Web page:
It is important to stop this senseless race of shaving off another nano-second; there is no increased productivity once the refresh lag drops below human reaction time, roughly 200ms, a milestone that was passed in 2004. On the contrary, there is actually tremendous downside in this crazy speed race, as witnessed two years ago in the “flash crash”. Actually, there are plenty of simple and natural remedies, such as charging for rapid cancellations of orders on the book for less time than human can react to, but the US equity market is “self-regulated”, i.e. the SEC does not set the detailed rules; the exchanges do. The root cause to all this silliness can therefore be traced to the fragmentation of the equity (i.e. stocks) markets in the US. As each of the four major exchanges compete for order flows, they become beholden to the largest traders, and nobody can do more volumes than high-frequency firms.

Finally, just two weeks, the NASDAQ (in my opinion, the most professional and sensible exchange in the US) decided to take a small step in the right direction. A small fee will be charged on frivolous order placements/cancellations. So, maybe speed will lose its allure and no one will be funding the neutrino idea…

12. Chris Oakley says:

In 1994, when I worked on the Swaps Desk at UBS in London we planned to set up a neutrino communication link with with Sydney office. Originally protons were to be accelerated to 99.99% of the speed of light and smashed into a Nazi gold target, but to cut costs, it was decided to use Argentinian government bonds instead of protons. Unfortunately, this did not work as the bonds would default before reaching the target.

13. Anon says:

Well, if neutrinos are FTL, that could provide a whole new mechanism of shorting a stock. 🙂

14. Ted Baxter says:

Dare I ask what a Nazi gold target is?

15. Chris Oakley says:

Ted,

I don’t wish to labour this but UBS = Union Bank of Switzerland. A lot of gold is stored in vaults in Zurich by Swiss banks including, allegedly, that originally stolen by the Nazis. I doubt whether, in reality, they would allow it to be used in a scientific experiment, especially if it ends up being radioactive. The chiefs would often play lip service to globalization but the reality was that the various centres (London, Zurich, New York, Tokyo and Sydney) would do their own thing. The only time that fast communication would have made a difference for our group was when Zurich & London had a video conference with New York – we actually had to fly to Zurich to join it and as well as a huge delay, the picture quality was poor (this was 1994/5).

Going back to the original topic, I doubt that program traders would benefit from a few tens of milliseconds speed advantage, and if they did, it is questionable whether such trades should be allowed as it would almost certainly be because someone was trying to game the system.

16. Owen Patterson says:

Let Wall Street and its global coven think they need neutrino communications. They will pay for all of it and then the science community can take it off their hands and get some real work done.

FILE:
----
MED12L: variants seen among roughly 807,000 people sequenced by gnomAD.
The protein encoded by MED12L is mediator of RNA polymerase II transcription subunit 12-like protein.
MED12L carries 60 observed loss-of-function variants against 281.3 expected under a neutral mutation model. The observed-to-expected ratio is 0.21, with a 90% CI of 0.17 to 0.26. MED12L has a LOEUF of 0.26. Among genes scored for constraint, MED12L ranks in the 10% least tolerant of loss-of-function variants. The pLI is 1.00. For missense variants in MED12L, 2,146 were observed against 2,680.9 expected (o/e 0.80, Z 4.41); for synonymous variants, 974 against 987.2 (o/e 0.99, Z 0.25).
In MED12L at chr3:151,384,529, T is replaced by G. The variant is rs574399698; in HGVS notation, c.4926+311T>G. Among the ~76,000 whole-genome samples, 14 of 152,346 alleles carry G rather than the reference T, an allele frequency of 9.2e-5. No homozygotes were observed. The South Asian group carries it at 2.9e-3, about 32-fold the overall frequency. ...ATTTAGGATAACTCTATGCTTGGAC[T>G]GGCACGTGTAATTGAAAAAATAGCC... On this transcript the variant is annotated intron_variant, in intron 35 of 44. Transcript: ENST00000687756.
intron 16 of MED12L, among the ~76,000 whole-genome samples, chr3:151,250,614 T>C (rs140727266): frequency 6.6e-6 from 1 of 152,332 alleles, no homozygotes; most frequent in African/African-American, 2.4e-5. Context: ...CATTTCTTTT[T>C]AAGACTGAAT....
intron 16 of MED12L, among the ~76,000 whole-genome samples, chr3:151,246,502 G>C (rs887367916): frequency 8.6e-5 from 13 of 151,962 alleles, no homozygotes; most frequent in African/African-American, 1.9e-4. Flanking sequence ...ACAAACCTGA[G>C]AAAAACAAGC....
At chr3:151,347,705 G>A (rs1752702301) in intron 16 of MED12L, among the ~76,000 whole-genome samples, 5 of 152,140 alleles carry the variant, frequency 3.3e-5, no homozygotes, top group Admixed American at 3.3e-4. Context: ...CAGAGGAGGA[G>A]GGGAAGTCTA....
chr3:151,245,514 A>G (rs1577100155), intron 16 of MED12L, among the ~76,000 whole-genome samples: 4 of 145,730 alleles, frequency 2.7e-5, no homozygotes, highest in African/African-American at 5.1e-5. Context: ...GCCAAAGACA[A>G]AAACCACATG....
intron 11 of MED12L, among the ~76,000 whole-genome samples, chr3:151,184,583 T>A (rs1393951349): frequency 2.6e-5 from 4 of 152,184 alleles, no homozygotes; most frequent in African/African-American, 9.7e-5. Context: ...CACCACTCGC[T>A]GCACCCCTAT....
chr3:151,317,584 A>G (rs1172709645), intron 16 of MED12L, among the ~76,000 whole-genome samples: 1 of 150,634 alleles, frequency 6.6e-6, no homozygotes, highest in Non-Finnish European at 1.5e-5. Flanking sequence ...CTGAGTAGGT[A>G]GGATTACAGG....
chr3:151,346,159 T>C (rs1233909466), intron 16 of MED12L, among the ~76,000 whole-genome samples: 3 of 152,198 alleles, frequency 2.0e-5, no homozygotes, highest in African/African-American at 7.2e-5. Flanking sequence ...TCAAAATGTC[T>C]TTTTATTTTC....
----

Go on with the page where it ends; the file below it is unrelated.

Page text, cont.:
17. AnonToo says:

M.Wang, although your comment is well-informed (which I very much appreciate given all the misinformation out there on finance), and I agree with much of what you say, I’ll have to disagree with this:

It is important to stop this senseless race of shaving off another nano-second; there is no increased productivity once the refresh lag drops below human reaction time, roughly 200ms, a milestone that was passed in 2004. On the contrary, there is actually tremendous downside in this crazy speed race, as witnessed two years ago in the “flash crash”

First, the flash crash was a confluence of many causes, including an extremely large price-insensitive sell order, and I’ve never seen a report (speculation, sure, but nothing formal) that indicated HFTs were to blame. Of course HFT behavior is important, since it’s a huge fraction of the market. But I don’t know of a theory that says HFT caused the crash. If anything, it was HFT pulling out that caused the liquidity to disappear. In fact, the SEC was even considering adding rules that HFT can’t “turn off” like they did!

Second, the flash crash was not a “tremendous downside”. It was something like 20 minutes. It had no consequence to most investors, and errorneous trades were busted. A few people learned that stop-loss orders with no limit are a bad idea (which was true before the flash crash, too), but overall there were few stories of real pain and there was no domino effect.

Third, I think you are vastly underestimating the benefits of HFT. There most certainly are benefits to sub-200ms trading. The liquidity in stocks with HFT participants is tremendous–as measured by bid-ask spread and cost of executing large orders–compared to stocks without HFT participants or stocks 30 years ago. We’ve replaced a large number of slow humans taking huge bid-ask spreads with a smaller number of very fast computers fighting for a few pennies. Needless to say, the latter is much more efficient (in the sense of market efficiency AND use of human talent) and is a better deal for investors.

Sure, it’s silly people can make a lot of money reducing their network ping. But it’s diminishing returns, so it won’t last forever. Over the next 20 years (uneducated guess) things will stabilize as traders pull out the last bits of arbitrage that are still left.

We might as well accept the silliness for now, and be happy there are people investing in communication technology, no?

18. Bugsy says:

Z:
Interesting about the submarine communications. So, you need 1o seconds to transmit the one bit “fire missiles” and a bit more to transmit the more complicated “Oops- scratch that!!!”